The Last of the Peterkins eBook

This eBook from the Gutenberg Project consists of approximately 132 pages of information about The Last of the Peterkins.

“They ought to have some houses to live in, and barns,” said Jedidiah.  Then it was Mr. Dyer had said they could never get them back into the ark; and Jedidiah had said, “We might ask the ‘grateful people,’”—­for this was the name the inhabitants of Spinville went by in the Dyer family ever since the time of the potatoes.

The story of their coming for the potatoes had been told over and over again; then how the “people” felt so grateful to Mr. Dyer.  Mr. Dyer said he was tired of hearing about it.  Mrs. Dyer thought if they meant to do anything to let Mr. Dyer see they were grateful, they had better not talk so much about it.  But Jedidiah called them the “grateful people;” and it was he that caught the first glimpse of the procession when it came up with the ark, Mr. Jones at the head.  He had some faith in them; so it was he that thought there ought to be a village built for Noah and his family; and when Mr. Dyer had some doubts about building it he suggested, “Let’s ask the ‘grateful people.’”

What they did will be told in another chapter.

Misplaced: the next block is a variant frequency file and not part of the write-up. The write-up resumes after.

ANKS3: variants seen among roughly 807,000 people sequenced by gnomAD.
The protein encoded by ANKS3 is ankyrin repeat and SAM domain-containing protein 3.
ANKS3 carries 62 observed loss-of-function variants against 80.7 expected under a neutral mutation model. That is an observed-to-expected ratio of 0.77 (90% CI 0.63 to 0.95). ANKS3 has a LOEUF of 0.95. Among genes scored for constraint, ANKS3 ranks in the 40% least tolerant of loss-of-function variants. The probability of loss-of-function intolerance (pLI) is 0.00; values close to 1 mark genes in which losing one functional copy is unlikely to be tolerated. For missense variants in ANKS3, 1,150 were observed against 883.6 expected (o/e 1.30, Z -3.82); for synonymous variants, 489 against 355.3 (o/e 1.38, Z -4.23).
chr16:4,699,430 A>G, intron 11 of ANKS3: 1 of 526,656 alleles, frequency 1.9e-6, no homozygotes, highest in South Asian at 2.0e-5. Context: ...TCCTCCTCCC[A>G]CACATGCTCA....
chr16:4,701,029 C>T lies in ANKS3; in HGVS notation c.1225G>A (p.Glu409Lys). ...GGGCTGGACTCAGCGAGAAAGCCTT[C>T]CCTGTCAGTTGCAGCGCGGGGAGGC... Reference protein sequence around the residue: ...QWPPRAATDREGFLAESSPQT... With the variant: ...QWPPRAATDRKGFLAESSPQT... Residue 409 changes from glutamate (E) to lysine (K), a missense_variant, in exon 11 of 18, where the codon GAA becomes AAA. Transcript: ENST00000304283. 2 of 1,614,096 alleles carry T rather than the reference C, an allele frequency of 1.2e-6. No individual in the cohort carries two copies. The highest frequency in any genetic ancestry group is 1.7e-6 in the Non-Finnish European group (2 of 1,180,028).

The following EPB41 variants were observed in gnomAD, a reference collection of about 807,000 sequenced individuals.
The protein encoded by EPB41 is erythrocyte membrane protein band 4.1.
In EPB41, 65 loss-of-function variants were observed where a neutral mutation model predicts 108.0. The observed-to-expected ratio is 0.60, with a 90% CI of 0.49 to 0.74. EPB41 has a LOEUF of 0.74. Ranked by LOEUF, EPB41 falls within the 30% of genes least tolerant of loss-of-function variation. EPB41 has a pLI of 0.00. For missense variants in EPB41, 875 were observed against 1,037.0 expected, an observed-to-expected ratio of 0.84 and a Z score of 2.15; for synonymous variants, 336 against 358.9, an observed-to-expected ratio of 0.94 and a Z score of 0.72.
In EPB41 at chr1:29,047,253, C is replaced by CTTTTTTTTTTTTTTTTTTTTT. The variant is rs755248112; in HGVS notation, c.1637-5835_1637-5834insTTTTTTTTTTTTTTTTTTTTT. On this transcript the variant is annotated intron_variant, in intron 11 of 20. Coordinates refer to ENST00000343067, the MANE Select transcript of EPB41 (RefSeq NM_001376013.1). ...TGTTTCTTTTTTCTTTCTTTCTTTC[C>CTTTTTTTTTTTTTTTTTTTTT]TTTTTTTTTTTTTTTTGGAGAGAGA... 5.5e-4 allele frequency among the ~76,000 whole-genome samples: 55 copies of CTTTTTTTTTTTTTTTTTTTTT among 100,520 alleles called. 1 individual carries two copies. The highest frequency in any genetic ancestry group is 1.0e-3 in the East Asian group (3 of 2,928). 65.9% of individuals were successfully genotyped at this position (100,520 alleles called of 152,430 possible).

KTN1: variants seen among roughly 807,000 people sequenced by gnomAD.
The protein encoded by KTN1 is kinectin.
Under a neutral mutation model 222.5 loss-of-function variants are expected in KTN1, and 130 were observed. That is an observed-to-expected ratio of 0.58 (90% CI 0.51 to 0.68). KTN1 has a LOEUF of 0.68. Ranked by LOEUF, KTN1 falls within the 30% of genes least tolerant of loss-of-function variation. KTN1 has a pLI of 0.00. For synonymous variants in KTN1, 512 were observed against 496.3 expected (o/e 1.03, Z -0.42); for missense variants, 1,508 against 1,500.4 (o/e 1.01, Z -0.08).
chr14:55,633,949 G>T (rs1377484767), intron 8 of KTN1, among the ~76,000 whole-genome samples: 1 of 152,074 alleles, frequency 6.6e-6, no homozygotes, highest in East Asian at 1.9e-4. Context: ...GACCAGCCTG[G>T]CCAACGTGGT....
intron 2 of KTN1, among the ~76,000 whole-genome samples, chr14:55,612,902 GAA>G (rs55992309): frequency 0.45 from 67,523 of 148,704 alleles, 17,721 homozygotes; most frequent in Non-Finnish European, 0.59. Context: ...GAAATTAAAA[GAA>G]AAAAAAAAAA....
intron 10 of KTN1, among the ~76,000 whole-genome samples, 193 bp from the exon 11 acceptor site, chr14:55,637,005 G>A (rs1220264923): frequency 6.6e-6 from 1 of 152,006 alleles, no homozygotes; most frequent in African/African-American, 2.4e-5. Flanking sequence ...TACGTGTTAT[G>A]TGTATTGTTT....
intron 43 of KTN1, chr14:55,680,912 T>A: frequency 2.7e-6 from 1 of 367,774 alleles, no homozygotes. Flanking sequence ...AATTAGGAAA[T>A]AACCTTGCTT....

II.

ABOUT THE GRATEFUL PEOPLE AND THE WILD BEASTS.

That very afternoon there was a great rush to see Jedidiah’s Noah’s Ark, and there was immense enthusiasm about it.  Some brave ones opened the roof and looked in upon the growling wild animals.  The girls liked the lambs the best; the boys were delighted with the foxes that jumped on the edge of the boat that formed the ark.

In a day or two there was a flourishing little village built on a smooth place on the other side of Mr. Dyer’s house.  The minister’s daughter had brought a little toy village she had with red roofs, and one of the men scooped out the houses, which were made of one block of wood, but could now accommodate Noah and his family, and each one picked out a house to match the color of his garments.

Tom Stubbs built a barn of wooden bricks for the larger animals, and Lucy Miles brought a pewter bird-cage, with a door that would open and shut, for the birds.  The elephant knocked out a brick with his trunk as soon as he went into the barn, but that made a good window for him to look out of.  Jedidiah himself made the loveliest coop for the hen; and the boys had a nice time over a pond they dug in the mud, for the ducks.

Indeed, it occupied Spinville for some time; and Noah, Shem, and Ham did not sit down much, but looked very busy.  There was a fence built round the whole village, high enough to keep in the elephants and the giraffes, though they could look over.  There was a bit of pasture-land shut in for the cows, who fell to nibbling as soon as they were put in it.  A clover-leaf lasted one of the sheep two days.  The tinman sent some little tin dippers no bigger than a thimble, and the children were delighted to see the animals drink.  The boys handed one of the dippers into the ark for the tigers.  The giraffes found a bush just high enough for them to eat from.  The doves sat on the eaves of the ark, and Agamemnon brought some pickled olives, as he had no olive-branch for them.

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The Last of the Peterkins from Project Gutenberg. Public domain.
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